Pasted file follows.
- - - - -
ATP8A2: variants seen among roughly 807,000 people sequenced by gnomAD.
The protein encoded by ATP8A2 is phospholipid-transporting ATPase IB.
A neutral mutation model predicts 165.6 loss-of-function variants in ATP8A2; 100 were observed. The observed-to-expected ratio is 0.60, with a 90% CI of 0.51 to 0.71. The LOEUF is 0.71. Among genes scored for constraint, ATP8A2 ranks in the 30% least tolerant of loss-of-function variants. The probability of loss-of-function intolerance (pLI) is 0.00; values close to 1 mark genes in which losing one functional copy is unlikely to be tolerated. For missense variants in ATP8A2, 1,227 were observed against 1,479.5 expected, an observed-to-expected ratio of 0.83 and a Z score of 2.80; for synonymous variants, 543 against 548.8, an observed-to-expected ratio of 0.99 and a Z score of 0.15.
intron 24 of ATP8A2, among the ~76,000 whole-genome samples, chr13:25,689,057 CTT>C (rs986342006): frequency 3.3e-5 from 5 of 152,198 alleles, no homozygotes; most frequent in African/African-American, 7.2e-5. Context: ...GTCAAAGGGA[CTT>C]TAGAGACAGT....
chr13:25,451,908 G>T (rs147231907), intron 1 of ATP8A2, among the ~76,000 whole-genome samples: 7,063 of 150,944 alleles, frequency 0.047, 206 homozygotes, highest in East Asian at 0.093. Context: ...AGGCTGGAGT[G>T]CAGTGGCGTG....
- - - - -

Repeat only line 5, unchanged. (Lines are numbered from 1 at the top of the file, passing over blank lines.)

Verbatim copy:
chr13:25,451,908 G>T (rs147231907), intron 1 of ATP8A2, among the ~76,000 whole-genome samples: 7,063 of 150,944 alleles, frequency 0.047, 206 homozygotes, highest in East Asian at 0.093. Context: ...AGGCTGGAGT[G>T]CAGTGGCGTG....